White House expands cyber policy office with senior hires
The White House announced on Tuesday that it is expanding its cyber policy office with three new hires, including a former Microsoft executive and a former CIA official.
Kemba Eneas Walden, a former assistant general counsel at Microsoft, will serve as principal deputy national cyber director. While at Microsoft, she was responsible for launching and leading its Digital Crimes Unit’s Ransomware Program.
Prior to joining Microsoft, Walden spent nearly a decade at the Department of Homeland Security, most recently at the Cybersecurity and Infrastructure Security Agency.
Neal Higgins, a former CIA official, will serve as deputy national cyber director for national cybersecurity. While at the CIA, Higgins oversaw the agency’s cyber operations and open-source collection.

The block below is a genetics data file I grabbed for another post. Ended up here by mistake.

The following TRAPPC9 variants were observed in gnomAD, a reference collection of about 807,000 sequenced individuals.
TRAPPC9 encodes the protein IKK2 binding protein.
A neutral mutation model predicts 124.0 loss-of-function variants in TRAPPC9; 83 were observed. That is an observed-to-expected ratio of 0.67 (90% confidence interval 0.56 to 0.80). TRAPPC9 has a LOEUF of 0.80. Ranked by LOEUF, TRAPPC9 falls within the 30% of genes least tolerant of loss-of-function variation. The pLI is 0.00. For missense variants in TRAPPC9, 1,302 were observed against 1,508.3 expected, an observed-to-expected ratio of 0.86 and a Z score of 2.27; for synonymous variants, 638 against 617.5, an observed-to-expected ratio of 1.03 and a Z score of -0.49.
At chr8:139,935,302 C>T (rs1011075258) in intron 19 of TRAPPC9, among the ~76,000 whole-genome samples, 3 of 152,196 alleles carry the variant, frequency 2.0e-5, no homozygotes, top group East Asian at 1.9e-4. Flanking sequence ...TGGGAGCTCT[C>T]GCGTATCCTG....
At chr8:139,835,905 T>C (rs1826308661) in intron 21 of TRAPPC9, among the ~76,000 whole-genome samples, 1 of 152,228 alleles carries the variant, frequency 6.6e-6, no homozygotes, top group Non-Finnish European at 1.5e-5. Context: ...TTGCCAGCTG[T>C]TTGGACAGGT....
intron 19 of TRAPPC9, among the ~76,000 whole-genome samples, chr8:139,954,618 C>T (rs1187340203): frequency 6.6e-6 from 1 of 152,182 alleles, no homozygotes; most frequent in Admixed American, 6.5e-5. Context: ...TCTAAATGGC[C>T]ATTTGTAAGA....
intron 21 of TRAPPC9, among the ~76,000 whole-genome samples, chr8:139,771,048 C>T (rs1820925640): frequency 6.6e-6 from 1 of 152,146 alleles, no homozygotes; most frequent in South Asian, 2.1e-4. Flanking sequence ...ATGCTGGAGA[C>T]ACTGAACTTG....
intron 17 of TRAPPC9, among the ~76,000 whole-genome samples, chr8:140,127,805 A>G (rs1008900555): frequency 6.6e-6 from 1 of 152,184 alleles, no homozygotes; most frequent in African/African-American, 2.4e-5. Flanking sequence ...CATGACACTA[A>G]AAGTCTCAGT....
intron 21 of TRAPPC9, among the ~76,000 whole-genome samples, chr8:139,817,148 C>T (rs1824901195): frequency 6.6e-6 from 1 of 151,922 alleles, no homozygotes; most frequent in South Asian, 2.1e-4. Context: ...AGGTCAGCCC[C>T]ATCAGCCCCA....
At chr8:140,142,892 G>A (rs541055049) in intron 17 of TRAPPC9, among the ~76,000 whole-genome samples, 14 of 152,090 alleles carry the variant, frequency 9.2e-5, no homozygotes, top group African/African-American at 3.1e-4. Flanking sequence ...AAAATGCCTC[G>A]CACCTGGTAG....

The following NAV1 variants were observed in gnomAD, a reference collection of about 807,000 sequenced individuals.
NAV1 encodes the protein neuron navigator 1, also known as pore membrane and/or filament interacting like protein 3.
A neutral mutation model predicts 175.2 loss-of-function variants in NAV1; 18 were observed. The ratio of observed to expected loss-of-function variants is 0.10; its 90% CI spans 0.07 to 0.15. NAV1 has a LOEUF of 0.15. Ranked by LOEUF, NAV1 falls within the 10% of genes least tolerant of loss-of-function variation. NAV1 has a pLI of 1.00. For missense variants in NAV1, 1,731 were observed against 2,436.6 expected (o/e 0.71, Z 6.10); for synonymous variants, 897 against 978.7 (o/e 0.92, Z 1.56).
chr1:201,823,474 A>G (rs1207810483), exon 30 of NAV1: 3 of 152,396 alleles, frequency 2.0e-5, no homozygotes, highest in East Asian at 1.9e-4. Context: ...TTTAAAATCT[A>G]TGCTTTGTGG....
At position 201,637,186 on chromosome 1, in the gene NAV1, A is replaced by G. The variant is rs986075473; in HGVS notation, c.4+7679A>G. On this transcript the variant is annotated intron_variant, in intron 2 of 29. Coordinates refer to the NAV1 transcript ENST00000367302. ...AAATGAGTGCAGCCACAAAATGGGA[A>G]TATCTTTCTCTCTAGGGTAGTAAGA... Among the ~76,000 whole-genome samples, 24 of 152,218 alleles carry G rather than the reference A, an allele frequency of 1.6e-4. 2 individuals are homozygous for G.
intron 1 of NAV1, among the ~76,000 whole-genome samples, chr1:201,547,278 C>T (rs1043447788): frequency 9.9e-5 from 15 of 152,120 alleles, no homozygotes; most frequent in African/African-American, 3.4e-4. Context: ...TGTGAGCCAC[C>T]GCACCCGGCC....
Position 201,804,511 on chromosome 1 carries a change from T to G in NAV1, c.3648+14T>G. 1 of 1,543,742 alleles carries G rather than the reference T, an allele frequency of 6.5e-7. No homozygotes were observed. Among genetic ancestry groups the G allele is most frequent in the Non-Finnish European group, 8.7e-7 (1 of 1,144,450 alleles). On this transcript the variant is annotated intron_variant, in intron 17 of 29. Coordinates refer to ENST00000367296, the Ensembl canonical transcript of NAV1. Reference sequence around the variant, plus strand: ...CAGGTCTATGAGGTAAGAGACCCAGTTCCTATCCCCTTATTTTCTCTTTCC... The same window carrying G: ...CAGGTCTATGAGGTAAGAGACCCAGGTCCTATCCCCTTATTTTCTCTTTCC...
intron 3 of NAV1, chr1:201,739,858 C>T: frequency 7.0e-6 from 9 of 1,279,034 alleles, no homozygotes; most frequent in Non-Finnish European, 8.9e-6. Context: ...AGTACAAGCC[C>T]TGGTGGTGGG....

The Office of the National Cyber Director is also adding Rob Knake, who will serve as deputy national cyber director for strategy and budget.
Knake is a cybersecurity policy expert who previously worked as a fellow at different organizations including the Council on Foreign Relations and the Harvard Belfer Center’s Cyber Project. Knake also served in the Obama administration, including in the National Security Council office and the Department of Homeland Security.
“As we continue to build this new office, the additions of Kemba, Neal, and Rob will accelerate our efforts to protect Americans in cyberspace,” said National Cyber Director Chris Inglis in a statement.
The new hires come amid heightened security concerns of potential Russian cyberattacks targeting critical infrastructure in the West, as the U.S. and allies look to cripple Russia’s economy and support Ukraine’s military.
The Office of the National Cyber Director was established last year to address and mitigate cyber threats.
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